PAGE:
top of page
  • Writer's pictureMaria Schwartz


Updated: May 13, 2018

Among the many things that we do first thing in the morning is check the weather, be it by looking at our Weather App, listening to the radio, or simply looking out the window.  It's almost automatic;  as is our response.  We dress or plan our day accordingly.  This is especially true when we have a major life event or plan that we are making.  I would argue that many of us even plan our entire life around the weather.  It affects where we choose to live, how we feel, what we wear, and even when we get married.

Although we can generally adapt to unexpected changes in weather, the one thing we don't do is make beach plans in Winter or Ski trips in Summer.  In other words, we understand core weather concepts, and therefore are realistic about what and when we can and cannot do.  Sometimes we intentionally fight the weather.  We may wear a new sundress even if it's raining.  Other times we mentally block ourselves out of the realities of weather.  The Temptations had "sunshine on a cloudy day" and the month of May when it was cold outside.  But more often than not, weather is real, and we adjust our thoughts, decisions and actions to reflect that reality.

When it comes to divorce, it too has weather patterns, temperatures, and seasons, and if you don't check the weather, understand its patterns, and dress or plan for the season, you will find yourself soaked, freezing and sorry.  After almost 20 years of being an attorney and fighting legal battles, my goal is to explain things to clients in a way that is relatable, understandable, and do-able.  There is a lot that does not make sense in divorce, but "dressing for divorce" is one thing that every client can do to "weather the storm ahead."

Every divorce begins in the dead of "Winter."  The divorce begins before it has actually started.  You feel cold.  There may be ice in your heart.  There is darkness all around you.  The roads are slippery and you can't seem to go very far without falling down and getting hurt.  Your emotions are bundled up tightly in your body.  You have layered yourself in fears.  You have confined yourself so as to protect yourself from arguments and accusations that that howl at you like a blizzard with its pellets of hail striking your fragile mind and aching body.  The ground is frozen, and so are you.  This is not the time to make drastic changes.  Ready as you may feel to build your new life, as any architect or builder will tell you, there is no construction in Winter.  This is the time to comfort yourself, and find ways to get the support you will need for the storm that lies ahead.  This is the time to dress warmly and not overexpose yourself or reveal too much to your soon to be ex-spouse.  This is the time to meet with an attorney, a financial planner, a therapist, and anyone else that will be a part of your team during the divorce.

Once the ice begins to melt, it is safe to come out  to begin your Spring Cleanup and Planting.  While the worst of Winter may be over, there will still be some very cold days, and guaranteed rain.  While you are clearing the debris and gathering new and fertile soil, you will simultaneously continue to face some of the hail from those slushy spring rains.  This is the time when the professionals begin their work and you start to feel and see the signs of "new life."  You may feel rejuvenated and renewed, but among the signs of new beginnings you may feel equally disappointed by the continued rain.  Although the plants are beginning to grow, the progress is slow, and the blooming is still very far away.  Although the snow is gone, and the temperature is rising, there are still very cold days.  At this point the best thing to do is wear a "slicker" because you are going to need to let the rain roll right off of you.  Gone are the days of Winter where you were frozen and bundled.  You have taken the step, left the house (perhaps literally), are moving forward and springing ahead.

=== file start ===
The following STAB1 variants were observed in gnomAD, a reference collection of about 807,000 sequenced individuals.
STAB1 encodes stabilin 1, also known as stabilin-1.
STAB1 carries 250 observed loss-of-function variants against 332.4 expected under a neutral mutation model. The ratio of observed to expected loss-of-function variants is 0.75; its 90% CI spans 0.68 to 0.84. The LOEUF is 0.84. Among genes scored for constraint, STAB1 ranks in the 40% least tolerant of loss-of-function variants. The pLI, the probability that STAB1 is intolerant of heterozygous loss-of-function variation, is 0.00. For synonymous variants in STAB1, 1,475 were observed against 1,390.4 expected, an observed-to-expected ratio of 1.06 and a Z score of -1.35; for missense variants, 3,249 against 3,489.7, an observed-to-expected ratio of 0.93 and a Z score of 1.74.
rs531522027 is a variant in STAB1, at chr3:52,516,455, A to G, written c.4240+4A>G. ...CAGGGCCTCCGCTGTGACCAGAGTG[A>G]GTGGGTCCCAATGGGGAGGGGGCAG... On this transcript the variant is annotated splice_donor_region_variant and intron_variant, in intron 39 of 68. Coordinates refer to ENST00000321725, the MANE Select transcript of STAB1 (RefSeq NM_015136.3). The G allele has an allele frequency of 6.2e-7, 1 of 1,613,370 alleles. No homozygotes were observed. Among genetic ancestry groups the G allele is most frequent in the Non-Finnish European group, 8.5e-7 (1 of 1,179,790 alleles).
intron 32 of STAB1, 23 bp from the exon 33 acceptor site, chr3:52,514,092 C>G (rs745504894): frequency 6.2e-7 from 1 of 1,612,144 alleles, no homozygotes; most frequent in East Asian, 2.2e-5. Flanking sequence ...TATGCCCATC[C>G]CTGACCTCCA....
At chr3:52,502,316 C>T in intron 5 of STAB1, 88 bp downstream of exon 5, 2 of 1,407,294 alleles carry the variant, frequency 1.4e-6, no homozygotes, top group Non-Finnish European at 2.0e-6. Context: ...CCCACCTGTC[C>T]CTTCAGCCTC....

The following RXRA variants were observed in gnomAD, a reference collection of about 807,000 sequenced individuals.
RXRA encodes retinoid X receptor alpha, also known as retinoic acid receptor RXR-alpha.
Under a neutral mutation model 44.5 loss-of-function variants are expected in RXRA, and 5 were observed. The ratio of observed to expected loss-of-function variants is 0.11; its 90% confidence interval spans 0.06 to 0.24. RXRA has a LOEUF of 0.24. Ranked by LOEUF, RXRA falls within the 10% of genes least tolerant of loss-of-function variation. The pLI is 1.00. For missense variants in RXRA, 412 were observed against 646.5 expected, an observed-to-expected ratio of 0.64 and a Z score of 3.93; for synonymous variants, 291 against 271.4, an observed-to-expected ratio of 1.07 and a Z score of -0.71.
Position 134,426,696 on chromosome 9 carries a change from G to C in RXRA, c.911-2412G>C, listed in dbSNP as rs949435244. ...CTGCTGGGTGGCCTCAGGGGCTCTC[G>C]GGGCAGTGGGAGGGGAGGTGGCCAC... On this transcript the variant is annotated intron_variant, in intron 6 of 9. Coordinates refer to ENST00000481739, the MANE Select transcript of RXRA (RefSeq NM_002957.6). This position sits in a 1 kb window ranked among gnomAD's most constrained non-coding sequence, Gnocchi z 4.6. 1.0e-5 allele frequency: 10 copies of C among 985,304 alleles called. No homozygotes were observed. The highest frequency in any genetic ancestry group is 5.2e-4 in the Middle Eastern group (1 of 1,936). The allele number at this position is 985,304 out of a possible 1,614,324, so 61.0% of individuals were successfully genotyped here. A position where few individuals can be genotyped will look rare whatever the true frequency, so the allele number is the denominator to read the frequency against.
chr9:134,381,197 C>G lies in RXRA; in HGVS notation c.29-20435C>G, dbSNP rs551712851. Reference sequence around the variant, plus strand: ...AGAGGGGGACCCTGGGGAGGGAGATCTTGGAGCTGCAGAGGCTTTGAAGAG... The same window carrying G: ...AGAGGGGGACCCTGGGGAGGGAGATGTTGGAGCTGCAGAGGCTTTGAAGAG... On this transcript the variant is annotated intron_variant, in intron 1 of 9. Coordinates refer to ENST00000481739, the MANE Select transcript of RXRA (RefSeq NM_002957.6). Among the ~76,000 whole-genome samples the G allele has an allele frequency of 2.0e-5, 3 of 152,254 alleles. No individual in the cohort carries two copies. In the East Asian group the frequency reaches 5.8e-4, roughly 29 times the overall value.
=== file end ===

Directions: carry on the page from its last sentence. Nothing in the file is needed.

While Spring comes on slowly, Summer sizzles its way in and quickly turns up the heat.  The days feel twice as long and hotter than hell.  The pellets of hail get engulfed in the fire and relief from the heat is impossible from harsh crashing waves.  It is no longer a battle of two but a battle of four.  The cold words of your spouse are not nearly as cutting as those of his or her lawyers which burn through you like rays of swords.  You are not only hot and sweaty, but exhausted and thirsty.  Depending on where you live, you are in Hurricane, Tornado or Wildfire Season.  This is the time to choose and pick your battles.  This is the time to sit with your lawyer and take inventory of where you are in the case.  What is holding this back? What concessions have been made, and what reasonable concessions need to be made?  More importantly, what do you need to do to avoid getting burned?  This is the time to get out of your bathing suit and into a wet suit or you will drown.  If there is nothing you can do, then get into the shade and wait.  Take the time to let the sunburn heal and your body rehydrate.  You cannot go to the beach everyday.

And then, as quickly as it came in, Summer is gone, having been sent off with a kiss of cool air from its calming Sister, Autumn.   Welcome to the splendor of color and transformation.  This is the final stage of your divorce.  This is a time to witness your resilience in surviving the most brutal of weather.  This is the time to breathe in the crisp air and harvest the crops of your strength.  This is a time to shed your fears and even tears.  The divorce has ended when that final leaf drops, and that branch is naked.  It is you, uncovered and unbroken.



bottom of page